Responsive:  

  • Patient admissions were arranged in a timely manner with minimal delays for patients.
  • Complaints were responded to within the timescales identified in the hospital’s policy.

Well-led:

  • The provider did not have a documented vision and clinical strategy to support innovation and growth of the service that had been shared with all staff.
  • There was identified leadership in both theatre and on the wards and staff feedback positively about the support they received. There was no designated medical director, medical leadership was provided by the chair of the MAC and the responsible officer.
  • There were some governance arrangements in place and evidence of actions taking place following MAC and governance meetings.

We saw outstanding practice including:

The quality of hospital's response to patient complaints was noted to be of a high standard. This included responses prepared that artfully made a direct connection between the issue raised and the action taken.

Importantly, the hospital must:

  • The hospital must ensure there are arrangements in place for the care of level 1 patients and ensure all staff are aware of these arrangements.
  • The hospital must consider the risks of anaesthetic assistants drawing up anaesthetic drugs before the theatre list commenced taking into account NRLS 'Signal Injectable medicines in theatres'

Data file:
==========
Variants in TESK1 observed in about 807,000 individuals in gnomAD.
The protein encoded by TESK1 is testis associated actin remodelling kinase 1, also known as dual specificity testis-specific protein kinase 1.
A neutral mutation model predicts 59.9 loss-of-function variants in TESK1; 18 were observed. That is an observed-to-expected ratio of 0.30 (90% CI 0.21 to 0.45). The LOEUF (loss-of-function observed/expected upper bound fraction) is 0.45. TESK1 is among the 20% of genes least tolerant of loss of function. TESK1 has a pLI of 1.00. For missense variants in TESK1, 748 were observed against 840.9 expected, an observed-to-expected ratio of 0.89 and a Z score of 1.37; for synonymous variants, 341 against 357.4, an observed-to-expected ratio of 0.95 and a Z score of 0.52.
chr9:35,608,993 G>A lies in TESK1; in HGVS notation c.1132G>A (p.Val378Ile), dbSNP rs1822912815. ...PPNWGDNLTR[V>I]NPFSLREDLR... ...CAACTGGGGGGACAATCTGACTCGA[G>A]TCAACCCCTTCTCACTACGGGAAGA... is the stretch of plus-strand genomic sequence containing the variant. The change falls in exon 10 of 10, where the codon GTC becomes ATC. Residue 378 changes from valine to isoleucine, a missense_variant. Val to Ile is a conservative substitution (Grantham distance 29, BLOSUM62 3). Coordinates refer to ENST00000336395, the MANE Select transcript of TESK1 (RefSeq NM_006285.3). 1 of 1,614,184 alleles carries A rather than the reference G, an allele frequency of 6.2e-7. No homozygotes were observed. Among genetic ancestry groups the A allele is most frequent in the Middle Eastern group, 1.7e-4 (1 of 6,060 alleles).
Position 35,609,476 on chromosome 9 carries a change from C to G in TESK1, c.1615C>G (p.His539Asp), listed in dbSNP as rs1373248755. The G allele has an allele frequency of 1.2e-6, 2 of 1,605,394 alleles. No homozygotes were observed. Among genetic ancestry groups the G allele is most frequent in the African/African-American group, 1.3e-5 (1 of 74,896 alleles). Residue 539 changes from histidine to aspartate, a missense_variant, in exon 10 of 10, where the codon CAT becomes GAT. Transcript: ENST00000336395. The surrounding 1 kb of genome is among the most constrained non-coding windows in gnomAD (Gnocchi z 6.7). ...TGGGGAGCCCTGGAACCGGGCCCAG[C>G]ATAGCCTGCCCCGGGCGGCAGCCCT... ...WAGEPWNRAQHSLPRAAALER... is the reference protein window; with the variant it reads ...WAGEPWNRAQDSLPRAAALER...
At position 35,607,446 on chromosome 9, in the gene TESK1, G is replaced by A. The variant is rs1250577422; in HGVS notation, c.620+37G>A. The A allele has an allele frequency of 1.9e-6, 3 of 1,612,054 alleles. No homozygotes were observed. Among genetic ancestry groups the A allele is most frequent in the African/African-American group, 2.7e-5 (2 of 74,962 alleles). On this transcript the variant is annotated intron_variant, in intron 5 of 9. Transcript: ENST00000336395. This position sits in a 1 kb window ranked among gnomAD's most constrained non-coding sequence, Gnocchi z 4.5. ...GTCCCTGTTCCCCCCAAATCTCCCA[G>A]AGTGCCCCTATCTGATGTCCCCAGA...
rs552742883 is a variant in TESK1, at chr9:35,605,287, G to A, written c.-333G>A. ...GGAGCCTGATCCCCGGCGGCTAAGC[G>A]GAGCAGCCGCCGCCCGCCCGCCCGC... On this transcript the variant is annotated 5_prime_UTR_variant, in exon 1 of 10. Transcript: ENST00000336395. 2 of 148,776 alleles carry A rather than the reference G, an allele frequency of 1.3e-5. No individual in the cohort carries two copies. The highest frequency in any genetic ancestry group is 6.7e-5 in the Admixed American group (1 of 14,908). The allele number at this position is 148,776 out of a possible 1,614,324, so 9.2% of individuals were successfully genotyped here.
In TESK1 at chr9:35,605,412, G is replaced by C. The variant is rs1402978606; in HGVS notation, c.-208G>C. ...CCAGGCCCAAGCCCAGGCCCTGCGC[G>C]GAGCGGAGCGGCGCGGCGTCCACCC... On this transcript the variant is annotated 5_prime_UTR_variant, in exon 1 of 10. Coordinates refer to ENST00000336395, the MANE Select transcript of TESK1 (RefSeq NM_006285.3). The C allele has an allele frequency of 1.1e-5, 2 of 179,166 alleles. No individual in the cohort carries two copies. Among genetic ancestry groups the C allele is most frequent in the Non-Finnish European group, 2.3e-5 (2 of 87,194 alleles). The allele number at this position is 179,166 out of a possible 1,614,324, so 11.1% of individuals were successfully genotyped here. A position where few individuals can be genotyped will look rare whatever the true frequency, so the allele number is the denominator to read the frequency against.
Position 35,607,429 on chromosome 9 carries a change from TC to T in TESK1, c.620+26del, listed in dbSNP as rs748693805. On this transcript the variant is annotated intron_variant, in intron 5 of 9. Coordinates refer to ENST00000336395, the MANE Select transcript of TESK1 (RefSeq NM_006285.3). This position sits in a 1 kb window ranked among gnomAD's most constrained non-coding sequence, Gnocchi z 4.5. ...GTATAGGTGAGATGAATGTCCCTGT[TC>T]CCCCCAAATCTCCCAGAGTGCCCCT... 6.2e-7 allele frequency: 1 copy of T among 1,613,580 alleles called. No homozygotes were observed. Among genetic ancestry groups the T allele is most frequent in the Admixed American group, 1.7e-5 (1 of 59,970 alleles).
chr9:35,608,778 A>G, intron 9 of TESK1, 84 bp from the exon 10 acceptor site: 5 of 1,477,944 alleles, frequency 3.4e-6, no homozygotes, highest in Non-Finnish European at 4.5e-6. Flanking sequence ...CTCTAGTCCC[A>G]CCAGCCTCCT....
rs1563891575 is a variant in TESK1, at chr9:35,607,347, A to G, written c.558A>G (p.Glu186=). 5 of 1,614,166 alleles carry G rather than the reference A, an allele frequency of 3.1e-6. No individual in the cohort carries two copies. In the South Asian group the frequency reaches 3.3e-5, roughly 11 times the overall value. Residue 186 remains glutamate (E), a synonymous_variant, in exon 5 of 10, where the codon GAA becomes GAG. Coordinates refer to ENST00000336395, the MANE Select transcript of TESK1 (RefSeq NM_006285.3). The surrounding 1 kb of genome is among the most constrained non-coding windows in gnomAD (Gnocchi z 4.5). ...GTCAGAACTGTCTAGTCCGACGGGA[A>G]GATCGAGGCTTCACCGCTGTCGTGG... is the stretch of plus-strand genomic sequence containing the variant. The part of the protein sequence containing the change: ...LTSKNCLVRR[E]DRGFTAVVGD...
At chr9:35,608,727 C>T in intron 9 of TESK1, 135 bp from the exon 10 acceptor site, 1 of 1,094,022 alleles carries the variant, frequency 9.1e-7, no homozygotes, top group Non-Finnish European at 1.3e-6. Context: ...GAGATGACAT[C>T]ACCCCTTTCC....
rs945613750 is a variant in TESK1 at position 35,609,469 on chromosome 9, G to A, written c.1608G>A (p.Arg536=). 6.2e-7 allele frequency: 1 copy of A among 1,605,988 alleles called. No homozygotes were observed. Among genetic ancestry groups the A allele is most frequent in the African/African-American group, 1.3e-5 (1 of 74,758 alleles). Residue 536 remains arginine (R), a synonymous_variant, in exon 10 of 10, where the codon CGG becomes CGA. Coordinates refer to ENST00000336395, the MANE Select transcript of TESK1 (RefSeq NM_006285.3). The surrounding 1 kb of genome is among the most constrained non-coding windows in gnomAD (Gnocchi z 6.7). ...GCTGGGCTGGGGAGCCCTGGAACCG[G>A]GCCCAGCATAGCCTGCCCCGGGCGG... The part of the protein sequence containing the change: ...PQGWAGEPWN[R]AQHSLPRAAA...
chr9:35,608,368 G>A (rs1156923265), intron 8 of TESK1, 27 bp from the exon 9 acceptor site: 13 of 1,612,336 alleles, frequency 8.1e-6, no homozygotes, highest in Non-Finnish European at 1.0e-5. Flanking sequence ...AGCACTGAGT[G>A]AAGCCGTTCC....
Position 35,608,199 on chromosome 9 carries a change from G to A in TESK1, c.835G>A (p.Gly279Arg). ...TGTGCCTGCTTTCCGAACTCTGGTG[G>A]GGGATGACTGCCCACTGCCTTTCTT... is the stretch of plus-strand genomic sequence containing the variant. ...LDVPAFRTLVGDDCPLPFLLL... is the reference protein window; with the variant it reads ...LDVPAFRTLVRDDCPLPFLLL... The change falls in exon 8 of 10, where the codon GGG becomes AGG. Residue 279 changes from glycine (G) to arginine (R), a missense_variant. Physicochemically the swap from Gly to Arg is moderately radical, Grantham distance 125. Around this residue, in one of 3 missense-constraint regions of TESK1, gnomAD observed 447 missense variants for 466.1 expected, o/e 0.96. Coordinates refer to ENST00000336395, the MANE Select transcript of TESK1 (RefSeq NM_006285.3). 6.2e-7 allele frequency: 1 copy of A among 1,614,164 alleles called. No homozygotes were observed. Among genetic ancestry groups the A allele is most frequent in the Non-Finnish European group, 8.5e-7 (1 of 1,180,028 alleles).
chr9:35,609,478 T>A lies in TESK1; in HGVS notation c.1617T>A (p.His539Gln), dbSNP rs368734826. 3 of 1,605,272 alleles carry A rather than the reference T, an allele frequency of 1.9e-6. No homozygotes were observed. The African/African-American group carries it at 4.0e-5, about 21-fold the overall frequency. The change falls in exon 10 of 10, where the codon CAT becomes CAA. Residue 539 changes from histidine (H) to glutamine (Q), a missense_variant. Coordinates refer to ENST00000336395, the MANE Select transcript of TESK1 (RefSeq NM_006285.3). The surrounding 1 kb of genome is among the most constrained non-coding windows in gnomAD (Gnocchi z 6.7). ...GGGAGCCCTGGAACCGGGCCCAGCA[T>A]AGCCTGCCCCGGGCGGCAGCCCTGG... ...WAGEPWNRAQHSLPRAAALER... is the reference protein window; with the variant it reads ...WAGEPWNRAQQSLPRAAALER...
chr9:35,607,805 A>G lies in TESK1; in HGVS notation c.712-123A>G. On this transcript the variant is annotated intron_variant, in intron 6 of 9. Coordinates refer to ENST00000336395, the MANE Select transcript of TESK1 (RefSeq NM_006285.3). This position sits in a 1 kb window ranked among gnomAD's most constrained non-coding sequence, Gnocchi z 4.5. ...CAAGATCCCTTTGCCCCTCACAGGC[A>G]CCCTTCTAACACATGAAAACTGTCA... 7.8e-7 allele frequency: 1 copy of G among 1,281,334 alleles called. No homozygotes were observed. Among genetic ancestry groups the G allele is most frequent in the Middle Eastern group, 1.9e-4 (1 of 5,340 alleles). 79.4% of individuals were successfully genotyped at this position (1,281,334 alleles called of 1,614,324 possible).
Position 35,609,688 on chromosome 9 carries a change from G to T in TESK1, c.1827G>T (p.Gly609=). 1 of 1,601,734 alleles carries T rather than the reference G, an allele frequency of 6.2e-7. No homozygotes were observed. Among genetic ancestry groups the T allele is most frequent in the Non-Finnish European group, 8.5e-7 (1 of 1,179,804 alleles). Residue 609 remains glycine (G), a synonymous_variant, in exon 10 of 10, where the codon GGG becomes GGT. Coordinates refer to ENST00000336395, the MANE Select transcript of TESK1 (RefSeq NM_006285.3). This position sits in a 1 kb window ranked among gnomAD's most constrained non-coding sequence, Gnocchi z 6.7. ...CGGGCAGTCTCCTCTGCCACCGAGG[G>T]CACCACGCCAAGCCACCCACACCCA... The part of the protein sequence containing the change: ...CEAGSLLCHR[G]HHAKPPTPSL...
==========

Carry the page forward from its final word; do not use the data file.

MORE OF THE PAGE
In addition the hospital should:

  • The hospital should explore how it utilises the longer term patient feedback collected by the individual surgeons to demonstrate the experience and outcomes for patients using the service.
  • In line with best practice should review the consent forms used to ensure patients are provided with a copy of their consent document.
  • The level of safeguarding children and adults training and the attended by staff should be reviewed to ensure it is appropriate for the individual staff member's role.
  • Patient information should be reviewed to ensure it reflects current best practice
  • The hospital should draw up an up to date theatre instrument and equipment list to identify when individual items were purchased and when they are due to be replaced.
  • The competencies required for the role of scrub nurse and HCA working in theatres should be identified and the individuals undertaking these roles skills.

Professor Sir Mike Richards

Chief Inspector of Hospitals

Checks on specific services

Surgery

Updated 30 March 2017

  • Staff knew how to report incidents and there was evidence of learning and steps taken to prevent reoccurrence of incidents. Staff understood the duty of candour and we saw good evidence of adherence to the duty of candour regulation.
  • Staff were trained in safeguarding adults to a level appropriate to their job role.
  • The hospital reported patient outcomes in accordance with Private Health information and National Breast Registry. Care was delivered in line with relevant national guidelines such as National Institute for Health and Care Excellence and the Royal College of Surgeons.